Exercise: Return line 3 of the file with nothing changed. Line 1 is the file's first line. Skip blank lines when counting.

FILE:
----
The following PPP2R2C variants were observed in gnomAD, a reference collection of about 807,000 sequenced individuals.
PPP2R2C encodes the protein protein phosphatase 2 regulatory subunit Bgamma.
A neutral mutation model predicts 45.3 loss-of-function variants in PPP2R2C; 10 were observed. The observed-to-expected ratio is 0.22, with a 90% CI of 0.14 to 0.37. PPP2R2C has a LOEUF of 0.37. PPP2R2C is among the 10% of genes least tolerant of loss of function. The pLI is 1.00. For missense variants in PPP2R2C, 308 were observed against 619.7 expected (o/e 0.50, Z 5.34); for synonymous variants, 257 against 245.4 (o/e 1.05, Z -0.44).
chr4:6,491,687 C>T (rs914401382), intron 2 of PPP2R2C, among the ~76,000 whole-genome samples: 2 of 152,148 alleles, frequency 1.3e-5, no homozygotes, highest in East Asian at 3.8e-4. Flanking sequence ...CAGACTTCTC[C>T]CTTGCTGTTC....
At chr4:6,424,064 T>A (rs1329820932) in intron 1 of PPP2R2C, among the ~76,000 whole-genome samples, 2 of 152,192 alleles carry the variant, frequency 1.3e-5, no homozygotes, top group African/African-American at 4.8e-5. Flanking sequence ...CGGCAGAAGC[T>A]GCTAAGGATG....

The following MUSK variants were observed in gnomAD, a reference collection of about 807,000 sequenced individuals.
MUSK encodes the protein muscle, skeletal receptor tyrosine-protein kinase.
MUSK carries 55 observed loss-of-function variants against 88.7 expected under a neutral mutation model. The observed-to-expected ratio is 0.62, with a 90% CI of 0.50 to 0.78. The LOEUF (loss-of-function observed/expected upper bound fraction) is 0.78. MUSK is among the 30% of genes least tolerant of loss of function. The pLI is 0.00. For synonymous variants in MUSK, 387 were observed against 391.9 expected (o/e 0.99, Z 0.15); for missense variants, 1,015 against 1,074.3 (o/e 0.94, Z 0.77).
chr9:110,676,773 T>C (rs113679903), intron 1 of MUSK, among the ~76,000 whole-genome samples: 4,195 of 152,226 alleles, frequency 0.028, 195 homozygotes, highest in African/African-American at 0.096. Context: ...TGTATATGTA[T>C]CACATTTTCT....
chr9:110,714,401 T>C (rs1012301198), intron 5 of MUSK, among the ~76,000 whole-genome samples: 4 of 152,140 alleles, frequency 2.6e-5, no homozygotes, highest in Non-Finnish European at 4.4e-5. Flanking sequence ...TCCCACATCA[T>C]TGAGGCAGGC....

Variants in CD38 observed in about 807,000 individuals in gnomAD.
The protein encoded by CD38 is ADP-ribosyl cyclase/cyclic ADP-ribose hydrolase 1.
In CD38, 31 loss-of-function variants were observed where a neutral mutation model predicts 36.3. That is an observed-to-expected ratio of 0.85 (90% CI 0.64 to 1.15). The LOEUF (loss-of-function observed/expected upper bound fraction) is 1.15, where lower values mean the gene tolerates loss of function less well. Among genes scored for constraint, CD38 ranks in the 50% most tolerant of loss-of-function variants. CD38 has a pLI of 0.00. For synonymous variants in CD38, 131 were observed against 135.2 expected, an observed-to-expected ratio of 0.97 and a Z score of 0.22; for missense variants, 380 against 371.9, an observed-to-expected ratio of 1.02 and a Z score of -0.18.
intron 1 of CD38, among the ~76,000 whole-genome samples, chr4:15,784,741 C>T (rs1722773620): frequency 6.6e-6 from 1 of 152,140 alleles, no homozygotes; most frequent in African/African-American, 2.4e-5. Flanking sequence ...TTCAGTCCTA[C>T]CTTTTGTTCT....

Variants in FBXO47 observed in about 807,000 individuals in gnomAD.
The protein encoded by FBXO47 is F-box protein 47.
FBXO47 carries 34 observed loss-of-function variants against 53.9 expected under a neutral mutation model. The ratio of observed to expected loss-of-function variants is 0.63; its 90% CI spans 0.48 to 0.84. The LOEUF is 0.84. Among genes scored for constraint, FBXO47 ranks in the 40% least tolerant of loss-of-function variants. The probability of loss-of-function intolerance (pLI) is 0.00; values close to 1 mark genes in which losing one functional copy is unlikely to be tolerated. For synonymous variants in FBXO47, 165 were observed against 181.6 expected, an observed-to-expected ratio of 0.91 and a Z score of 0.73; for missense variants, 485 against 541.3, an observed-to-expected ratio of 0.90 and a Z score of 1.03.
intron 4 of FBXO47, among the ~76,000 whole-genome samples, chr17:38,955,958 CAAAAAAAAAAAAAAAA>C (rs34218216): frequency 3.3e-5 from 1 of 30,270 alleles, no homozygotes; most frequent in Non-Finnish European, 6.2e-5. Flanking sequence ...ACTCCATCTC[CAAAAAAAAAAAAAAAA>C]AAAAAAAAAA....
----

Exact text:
A neutral mutation model predicts 45.3 loss-of-function variants in PPP2R2C; 10 were observed. The observed-to-expected ratio is 0.22, with a 90% CI of 0.14 to 0.37. PPP2R2C has a LOEUF of 0.37. PPP2R2C is among the 10% of genes least tolerant of loss of function. The pLI is 1.00. For missense variants in PPP2R2C, 308 were observed against 619.7 expected (o/e 0.50, Z 5.34); for synonymous variants, 257 against 245.4 (o/e 1.05, Z -0.44).